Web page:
Skullsworn's narrative is set in the same world as Staveley's previously released Chronicle of the Unhewn Throne trilogy and it follows Pyrre, a character from those stories. However, it is being marketed as being a standalone adventure in the same environment. I, unfortunately, have to admit that this is the first book of Staveley’s that I have read so, whilst some of my Goodreads and blogging friends will not be overly pleased that I, new to the world he has fabricated, have been given the opportunity to read and review an advanced version, I honestly hope that I do it justice and influence people unfamiliar with the author, as I was, that they can start here and truly enjoy what happens within these pages. I will post this to Fantasy Book Review and I know that other reviewers and friends there have already read all of, and found Staveley's previous works highly enjoyable and I envisage, going forwards that they will post reviews from their points of view and then we would have covered the opinions of new and seasoned readers alike. I am intrigued to see how the statements differ.
As briefly mentioned, the story follows Pyrre, who is Skullsworn - meaning she is a priestess, who just so happens to be a double knife whirling assassin in the service of the God Ananshael (this empire's' Death) and the tale revolves around her traveling back to her homeland of Dombang, the destination chosen by her where she could complete her initiation trial to prove her credentials and worth to her sect, and to her God. She is shadowed by two experienced practitioners of their Lord, one being the charming, deadly sex addict Ela and another being the seasoned, sometimes blunt but undeniably devoted elder priest Kossal. They are her witnesses, judges, and jury with reference to how they perceive her trial transpires, and assessing whether she has ticked the metaphorical boxes presented. Her trial is as follows - she is destined to kill seven specific individuals in fourteen days as depicted by a composed song and to conclude, she has to fall in love within the designated timeframe and then, kill that person as one of her seven offerings.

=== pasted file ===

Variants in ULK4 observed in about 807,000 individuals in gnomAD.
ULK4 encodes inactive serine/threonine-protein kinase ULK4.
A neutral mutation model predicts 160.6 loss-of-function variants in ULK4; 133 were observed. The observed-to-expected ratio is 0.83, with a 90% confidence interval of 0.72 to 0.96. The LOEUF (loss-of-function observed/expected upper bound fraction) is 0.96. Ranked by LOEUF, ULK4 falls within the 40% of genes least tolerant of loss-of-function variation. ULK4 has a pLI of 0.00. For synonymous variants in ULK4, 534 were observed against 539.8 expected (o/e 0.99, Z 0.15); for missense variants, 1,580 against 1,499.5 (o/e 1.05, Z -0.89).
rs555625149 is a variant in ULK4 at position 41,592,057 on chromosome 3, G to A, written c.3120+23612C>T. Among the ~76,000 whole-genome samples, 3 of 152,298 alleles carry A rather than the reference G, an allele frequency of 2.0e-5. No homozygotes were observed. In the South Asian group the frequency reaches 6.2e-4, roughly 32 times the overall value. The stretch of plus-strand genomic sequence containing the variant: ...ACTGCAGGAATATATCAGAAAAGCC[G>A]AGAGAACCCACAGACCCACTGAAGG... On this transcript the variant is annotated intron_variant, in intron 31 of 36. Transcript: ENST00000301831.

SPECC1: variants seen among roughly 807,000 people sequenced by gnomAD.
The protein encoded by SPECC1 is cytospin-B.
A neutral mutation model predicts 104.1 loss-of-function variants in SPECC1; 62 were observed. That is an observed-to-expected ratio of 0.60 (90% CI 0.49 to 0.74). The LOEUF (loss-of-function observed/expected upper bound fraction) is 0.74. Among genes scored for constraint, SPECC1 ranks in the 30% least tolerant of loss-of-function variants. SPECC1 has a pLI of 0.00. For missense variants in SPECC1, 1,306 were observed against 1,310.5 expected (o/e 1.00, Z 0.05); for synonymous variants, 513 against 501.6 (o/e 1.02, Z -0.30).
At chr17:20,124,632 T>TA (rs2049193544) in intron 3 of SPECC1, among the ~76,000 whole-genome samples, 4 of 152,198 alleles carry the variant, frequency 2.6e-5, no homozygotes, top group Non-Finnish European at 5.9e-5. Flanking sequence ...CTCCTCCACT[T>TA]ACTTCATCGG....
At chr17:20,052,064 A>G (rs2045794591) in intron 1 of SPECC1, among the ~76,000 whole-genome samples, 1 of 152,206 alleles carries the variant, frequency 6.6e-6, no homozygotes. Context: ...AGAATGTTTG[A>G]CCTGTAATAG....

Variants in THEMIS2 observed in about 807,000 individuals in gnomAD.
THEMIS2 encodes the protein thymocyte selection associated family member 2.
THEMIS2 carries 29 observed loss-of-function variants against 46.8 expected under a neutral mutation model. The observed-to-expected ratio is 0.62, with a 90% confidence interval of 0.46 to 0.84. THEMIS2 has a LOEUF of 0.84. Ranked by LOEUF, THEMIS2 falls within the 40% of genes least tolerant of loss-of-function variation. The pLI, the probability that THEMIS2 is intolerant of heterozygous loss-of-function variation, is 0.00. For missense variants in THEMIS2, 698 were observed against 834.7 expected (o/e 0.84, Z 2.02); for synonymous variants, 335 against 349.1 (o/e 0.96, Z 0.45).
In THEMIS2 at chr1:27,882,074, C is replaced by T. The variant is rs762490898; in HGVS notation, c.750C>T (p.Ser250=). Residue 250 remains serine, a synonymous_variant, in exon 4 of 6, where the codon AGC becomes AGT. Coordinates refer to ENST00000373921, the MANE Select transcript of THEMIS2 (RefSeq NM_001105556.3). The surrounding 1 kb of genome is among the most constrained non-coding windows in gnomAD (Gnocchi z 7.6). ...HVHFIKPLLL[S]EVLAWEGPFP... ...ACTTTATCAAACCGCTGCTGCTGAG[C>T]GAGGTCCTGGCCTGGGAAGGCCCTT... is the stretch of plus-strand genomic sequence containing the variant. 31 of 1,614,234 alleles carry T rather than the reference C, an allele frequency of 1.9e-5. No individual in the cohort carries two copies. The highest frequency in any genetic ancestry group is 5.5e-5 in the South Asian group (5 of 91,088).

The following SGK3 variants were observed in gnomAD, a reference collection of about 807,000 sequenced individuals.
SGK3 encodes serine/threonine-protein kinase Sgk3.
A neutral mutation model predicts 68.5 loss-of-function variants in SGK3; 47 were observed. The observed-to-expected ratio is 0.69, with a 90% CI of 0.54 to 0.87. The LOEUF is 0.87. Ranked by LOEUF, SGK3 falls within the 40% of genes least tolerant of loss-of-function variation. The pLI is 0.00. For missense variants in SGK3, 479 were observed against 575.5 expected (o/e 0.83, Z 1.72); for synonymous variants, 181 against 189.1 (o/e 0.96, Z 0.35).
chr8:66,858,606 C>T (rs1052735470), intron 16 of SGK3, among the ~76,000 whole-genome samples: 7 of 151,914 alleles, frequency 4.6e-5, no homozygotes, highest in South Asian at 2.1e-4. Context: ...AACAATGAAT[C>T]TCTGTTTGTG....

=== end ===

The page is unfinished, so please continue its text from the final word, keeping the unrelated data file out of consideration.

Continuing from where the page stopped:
I approached this novel with an open mind, however; I had the view that, if I couldn't follow what was happening in this narrative, did not understand the characters' actions and was essentially lost in an abyss of a misunderstood art after fifteen percent, I wouldn't have carried on and would have engulfed the trilogy first. I wouldn't have wasted my time, or the author's time posting a review that wasn't fair if the premise was that I needed to know the world already to appreciate it. After ten percent and taking a few notes, I was easily able to analyse the characters, the Gods they revered and the world that was frequented. I am glad my reading experience here did not end as the previous outcome suggested it may and that was half predicted, as I would have missed an entrancing tale.